It seems to me the problem is the applicability of math to the real world. Leaving aside pure math we are here talking about applied math. To oversimplify, applied math does one thing. It counts real things. It applies a number, a quantity to an aggregation of real things or real stuff. Example, 10 apples. A number and real things.

Then in economics we do the following. We apply numbers to real things. 10 widgets. But we also apply numbers to nominal or formal things. 10 dollars. This is where all our trouble starts. We are trying to manage real systems, specifically the real economy and the real environment, with a hybrid theoretical system which counts real things and equates themn with counts of nominal non-things (dollars or any numeraire).

Real things obey real fundamental Laws, like the Laws of Thermodynamics, or if you don’t like couching if that way, real things obey fundamental, detectable, reliable regularities. Nominal non-things don’t obey these same Laws or regularities, like the Laws of Thermodynamics. Nominal non-things, formal objects, can be created ex nihilo, out of nothing, and destroyed back into nothing. We wave such things into and out of existence by the stroke of a pen or a computer key. I am talking about money.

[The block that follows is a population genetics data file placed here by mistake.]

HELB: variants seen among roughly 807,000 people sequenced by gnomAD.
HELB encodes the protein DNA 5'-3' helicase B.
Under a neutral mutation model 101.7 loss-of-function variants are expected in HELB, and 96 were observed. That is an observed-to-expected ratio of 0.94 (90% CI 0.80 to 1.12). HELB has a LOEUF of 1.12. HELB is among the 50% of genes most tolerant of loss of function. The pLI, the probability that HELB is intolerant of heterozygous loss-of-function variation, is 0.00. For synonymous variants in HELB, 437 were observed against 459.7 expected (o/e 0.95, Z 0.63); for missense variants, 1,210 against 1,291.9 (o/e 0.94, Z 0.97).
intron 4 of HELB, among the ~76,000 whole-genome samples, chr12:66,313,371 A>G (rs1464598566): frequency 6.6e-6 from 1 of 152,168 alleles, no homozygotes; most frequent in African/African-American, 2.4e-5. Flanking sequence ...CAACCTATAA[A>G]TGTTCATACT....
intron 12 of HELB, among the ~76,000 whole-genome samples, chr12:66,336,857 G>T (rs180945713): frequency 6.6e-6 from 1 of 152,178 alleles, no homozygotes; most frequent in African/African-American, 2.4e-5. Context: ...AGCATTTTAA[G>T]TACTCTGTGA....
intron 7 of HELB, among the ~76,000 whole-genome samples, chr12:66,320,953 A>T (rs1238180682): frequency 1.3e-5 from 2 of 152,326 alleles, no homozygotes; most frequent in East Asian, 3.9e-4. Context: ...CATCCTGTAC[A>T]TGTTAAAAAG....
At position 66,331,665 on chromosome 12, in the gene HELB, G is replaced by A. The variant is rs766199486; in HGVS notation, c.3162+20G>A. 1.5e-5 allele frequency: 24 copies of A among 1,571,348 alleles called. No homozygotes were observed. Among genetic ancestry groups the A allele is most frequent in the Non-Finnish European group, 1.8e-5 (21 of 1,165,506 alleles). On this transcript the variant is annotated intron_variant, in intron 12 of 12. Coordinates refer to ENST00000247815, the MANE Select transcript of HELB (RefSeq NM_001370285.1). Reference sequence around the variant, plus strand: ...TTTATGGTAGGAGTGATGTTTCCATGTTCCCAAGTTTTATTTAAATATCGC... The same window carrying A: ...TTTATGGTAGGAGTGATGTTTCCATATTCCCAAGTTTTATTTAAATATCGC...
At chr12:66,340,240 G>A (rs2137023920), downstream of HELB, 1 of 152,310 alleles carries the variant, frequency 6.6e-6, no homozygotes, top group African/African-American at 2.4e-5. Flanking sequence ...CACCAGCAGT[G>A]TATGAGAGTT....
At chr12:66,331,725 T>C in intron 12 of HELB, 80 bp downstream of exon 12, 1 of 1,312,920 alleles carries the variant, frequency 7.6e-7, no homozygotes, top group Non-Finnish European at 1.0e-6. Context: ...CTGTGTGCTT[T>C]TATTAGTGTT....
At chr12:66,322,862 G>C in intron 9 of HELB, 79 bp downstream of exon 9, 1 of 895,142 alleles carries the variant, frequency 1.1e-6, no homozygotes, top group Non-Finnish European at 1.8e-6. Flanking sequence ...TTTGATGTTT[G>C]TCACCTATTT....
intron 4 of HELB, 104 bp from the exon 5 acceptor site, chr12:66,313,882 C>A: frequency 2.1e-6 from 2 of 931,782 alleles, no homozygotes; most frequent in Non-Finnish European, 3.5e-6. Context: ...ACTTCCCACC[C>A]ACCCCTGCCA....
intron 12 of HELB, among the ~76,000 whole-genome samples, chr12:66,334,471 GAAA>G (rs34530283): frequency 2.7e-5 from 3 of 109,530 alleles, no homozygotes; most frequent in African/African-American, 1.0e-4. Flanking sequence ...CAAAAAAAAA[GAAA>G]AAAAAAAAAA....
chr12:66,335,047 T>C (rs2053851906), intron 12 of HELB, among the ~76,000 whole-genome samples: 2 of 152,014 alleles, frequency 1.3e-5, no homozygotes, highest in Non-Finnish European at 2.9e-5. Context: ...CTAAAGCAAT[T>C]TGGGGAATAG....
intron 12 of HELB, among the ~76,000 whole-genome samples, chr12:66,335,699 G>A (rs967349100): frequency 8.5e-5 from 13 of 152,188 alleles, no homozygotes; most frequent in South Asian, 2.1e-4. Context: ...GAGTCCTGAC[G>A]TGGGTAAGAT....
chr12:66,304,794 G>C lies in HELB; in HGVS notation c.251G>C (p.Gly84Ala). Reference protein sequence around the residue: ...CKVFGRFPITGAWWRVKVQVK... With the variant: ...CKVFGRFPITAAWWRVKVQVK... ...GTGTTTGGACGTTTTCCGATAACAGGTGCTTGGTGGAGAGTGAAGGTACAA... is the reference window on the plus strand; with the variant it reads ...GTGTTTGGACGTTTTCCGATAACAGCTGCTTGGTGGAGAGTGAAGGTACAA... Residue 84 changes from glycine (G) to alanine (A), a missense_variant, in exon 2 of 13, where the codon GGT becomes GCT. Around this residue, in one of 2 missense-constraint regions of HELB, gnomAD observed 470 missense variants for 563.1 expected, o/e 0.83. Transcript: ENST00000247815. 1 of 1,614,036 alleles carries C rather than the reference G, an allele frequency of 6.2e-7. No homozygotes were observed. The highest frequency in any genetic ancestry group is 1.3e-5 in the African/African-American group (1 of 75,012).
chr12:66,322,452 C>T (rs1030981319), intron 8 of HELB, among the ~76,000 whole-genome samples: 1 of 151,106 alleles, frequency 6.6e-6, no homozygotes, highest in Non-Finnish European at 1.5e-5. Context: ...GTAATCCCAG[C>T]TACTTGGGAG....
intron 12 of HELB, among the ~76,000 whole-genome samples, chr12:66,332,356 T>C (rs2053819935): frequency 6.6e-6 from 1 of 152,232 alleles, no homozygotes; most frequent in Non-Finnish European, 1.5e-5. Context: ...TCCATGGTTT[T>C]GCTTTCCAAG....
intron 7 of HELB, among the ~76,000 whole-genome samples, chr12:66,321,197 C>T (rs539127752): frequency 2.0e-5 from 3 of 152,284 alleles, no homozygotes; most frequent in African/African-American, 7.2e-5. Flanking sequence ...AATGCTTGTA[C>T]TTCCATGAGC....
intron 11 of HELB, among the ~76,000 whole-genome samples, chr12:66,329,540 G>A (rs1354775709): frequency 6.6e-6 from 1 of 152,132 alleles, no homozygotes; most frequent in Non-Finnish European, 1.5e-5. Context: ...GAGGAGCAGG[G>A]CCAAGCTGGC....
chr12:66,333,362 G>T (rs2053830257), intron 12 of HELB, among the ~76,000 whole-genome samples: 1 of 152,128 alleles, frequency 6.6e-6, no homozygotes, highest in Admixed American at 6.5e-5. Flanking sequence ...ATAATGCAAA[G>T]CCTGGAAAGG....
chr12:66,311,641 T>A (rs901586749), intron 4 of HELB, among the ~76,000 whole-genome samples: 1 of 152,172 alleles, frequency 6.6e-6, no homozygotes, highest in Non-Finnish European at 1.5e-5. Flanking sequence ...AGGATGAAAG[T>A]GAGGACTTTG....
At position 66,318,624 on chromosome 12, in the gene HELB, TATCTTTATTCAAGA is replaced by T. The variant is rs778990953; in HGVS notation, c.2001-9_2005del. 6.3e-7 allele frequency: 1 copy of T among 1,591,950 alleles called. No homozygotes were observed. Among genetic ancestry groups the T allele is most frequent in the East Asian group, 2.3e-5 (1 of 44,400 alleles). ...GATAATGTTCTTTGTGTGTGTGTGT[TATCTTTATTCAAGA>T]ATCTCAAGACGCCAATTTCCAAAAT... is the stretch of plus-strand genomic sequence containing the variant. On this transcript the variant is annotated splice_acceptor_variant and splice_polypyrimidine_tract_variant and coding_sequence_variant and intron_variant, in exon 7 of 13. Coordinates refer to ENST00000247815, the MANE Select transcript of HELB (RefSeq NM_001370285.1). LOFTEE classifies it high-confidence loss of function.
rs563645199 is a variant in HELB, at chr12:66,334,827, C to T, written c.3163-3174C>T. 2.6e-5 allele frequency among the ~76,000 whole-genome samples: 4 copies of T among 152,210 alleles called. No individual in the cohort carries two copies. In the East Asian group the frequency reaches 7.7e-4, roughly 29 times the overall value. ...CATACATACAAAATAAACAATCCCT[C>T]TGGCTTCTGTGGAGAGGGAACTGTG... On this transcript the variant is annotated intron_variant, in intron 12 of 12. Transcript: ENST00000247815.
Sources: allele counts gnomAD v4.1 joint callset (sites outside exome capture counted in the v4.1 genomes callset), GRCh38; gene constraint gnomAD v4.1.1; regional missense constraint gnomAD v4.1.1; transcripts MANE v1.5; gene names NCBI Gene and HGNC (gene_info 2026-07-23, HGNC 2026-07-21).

So if you try to manage or theorize a real system by a melange of quantified real characteristics and of quantified nominal quantities you get a great big mess. You get what we have today: a system (capitalism) destroying the natural world.

The answer, in my opinion, is to demote the importance of money and finance. They will need to exist as chits or permissions to consume but that’s about it. Do all the calculations for real stuff needs with science and judge everything else via ethics, not via money as a default ethic. We currently use money as a proxy (a very poor one) for merit and even need. How much money people have is assumed to be merited and it is then assumed to be a right to selfishly keep and selfishly spend this money on ever-expanding excessive desires paraded as needs. My prescription? Stop managing society and systems with money. Sounds simple, in theory. ;)